24 September 2013

Frenzied and (a little bit) Fearful

“Man is sometimes extraordinarily, passionately, in love with suffering...”  
-Fyodor Dostoyevsky
Bear 100 elvation profile
The pre-race jitters have arrived. As of yesterday, my ability to nap is gone as my brain churns over details of the race. The anticipation of 20+ hours of suffering is hard to ignore. I told my Facebook community that I feel like I'm looking forward to a 30-hour natural labor. There is a similar ambivalence to childbirth of wanting to get on with things, being fearful of the upcoming pain and expecting great joy when it's all over.

I know that it won't be a sufferfest in its entirety. At the pace I hike/run, I can enjoy the first 30-50 miles, based on prior experience. It's the second, unknown 50 miles that I anticipate to be very challenging. I expect to hit the 52 mile aid station in the early evening, when darkness falls and my vision is reduced to the beam of a headlamp. Normally, I enjoy running at night but I've not done so with 50 miles on my legs. I may need to search deep in my soul for continued joy in the journey. 

 "Time to dare and endure.” - Winston Churchill

I want to keep the perspective that I'm incredibly fortunate to have legs that work and to take part in a well-supported mountain adventure with like minded folks. As I enjoy this sliver of God's creation I'll do so with prayers of gratitude, supplication and praise going up. As God gives me my next breath and keeps me alive (Job 12:10), He gives my legs the means to move forward.

As I rely on God's help, I'm also very determined to keep moving until I finish or I'm told to stop. Steve Pero said that if I'm pulled for missing a cutoff, I am to politely say thank you and enjoy my rest. Good advice from a wise man who knows what it's like to DNF (Did Not Finish) and maintains a proper perspective on it. If I'm not fast enough to finish within the cutoffs then I'll keep working on my speed and try again next year.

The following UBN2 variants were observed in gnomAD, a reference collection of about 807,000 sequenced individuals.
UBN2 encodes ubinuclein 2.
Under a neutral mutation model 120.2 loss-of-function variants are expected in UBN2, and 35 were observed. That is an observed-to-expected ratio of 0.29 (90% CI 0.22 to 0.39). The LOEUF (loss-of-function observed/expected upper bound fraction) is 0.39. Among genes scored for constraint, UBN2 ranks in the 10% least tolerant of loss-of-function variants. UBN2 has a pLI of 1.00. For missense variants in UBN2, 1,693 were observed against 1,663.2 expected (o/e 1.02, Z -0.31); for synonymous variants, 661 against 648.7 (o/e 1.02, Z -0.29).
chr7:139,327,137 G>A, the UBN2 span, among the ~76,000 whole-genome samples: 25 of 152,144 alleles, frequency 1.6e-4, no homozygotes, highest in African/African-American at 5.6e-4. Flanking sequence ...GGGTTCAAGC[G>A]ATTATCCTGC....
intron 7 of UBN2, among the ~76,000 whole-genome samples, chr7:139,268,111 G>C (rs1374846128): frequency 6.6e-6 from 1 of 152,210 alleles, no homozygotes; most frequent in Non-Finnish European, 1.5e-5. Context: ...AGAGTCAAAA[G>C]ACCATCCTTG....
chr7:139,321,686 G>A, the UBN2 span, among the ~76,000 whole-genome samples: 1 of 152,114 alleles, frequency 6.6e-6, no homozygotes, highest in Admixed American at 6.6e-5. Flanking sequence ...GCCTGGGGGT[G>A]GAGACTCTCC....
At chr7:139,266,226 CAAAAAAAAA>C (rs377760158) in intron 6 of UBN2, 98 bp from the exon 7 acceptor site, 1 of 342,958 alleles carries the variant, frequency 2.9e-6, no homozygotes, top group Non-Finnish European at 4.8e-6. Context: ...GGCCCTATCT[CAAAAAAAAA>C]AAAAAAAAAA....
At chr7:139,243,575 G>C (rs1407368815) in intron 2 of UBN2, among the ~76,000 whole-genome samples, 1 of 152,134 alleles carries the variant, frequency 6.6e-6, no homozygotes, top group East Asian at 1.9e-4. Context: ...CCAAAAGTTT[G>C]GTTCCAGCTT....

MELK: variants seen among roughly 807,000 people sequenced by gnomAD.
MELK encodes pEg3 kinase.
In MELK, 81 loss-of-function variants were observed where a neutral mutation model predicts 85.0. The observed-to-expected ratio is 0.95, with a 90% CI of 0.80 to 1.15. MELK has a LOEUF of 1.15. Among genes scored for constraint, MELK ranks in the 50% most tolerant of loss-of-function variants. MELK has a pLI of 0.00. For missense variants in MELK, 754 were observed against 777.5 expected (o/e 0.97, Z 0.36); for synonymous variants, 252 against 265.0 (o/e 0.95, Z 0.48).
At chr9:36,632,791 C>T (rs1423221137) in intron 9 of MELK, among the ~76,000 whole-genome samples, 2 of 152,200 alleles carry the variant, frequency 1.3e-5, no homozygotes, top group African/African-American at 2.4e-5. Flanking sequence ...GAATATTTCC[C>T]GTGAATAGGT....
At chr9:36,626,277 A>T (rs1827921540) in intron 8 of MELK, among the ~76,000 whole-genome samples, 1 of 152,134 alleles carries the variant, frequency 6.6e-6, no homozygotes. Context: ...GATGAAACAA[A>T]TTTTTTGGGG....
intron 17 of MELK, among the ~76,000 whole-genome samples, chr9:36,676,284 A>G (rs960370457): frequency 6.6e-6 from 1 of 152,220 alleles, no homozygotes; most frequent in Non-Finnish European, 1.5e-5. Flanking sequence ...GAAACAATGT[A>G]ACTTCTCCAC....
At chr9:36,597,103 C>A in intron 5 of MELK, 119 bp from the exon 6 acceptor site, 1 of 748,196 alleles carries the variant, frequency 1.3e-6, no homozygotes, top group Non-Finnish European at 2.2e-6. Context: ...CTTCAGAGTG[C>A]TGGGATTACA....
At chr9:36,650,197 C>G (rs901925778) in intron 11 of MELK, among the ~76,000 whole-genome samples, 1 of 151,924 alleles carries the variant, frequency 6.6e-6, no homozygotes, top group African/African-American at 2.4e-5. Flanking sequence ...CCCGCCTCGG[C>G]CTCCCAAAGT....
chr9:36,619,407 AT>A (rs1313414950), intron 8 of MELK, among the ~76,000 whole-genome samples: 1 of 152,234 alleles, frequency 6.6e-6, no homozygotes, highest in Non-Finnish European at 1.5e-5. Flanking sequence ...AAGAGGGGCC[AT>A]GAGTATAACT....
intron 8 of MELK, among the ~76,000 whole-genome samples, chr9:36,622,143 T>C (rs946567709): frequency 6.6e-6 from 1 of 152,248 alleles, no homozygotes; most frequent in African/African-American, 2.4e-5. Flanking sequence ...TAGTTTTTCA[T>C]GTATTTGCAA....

I really have no idea what my limits are and these running events are ways of testing them. Failure is simply a tool to help me improve the next time around. There is great peace in the knowledge that failure says nothing about my significance as a person or athlete. As a follower of Jesus, my worth is rooted in being a forgiven sinner, well-loved by the one who I've offended who has promised me a deliriously happy eternity. And this has nothing to do with my performance -- it's all grace, that is, unmerited favor. Praise God.

"I've not failed. I've just found 10,000 ways that didn't work."
- Thomas Edison

My curiosity as to what I'm able to accomplish athletically in my middle age is a large part of why I'm doing ultras. I've got nothing to prove to anyone; I'm just taking something that I enjoy (moving as fast as I can in the mountains) and seeing just what my body is capable of. I've been continually surprised as how trainable it is, when the mind is willing. I tell people who don't run long distances that they can too, if they want to. Barring an injury or significant health impairment, anyone can train their body to run 100 miles. It's the lack of desire or mental fortitude that stands in the way. While no one needs to run 100 miles to prove this, our bodies can be trained to do way more than we think we can.

"Only those who attempt the absurd can achieve the impossible." 
- Albert Einstein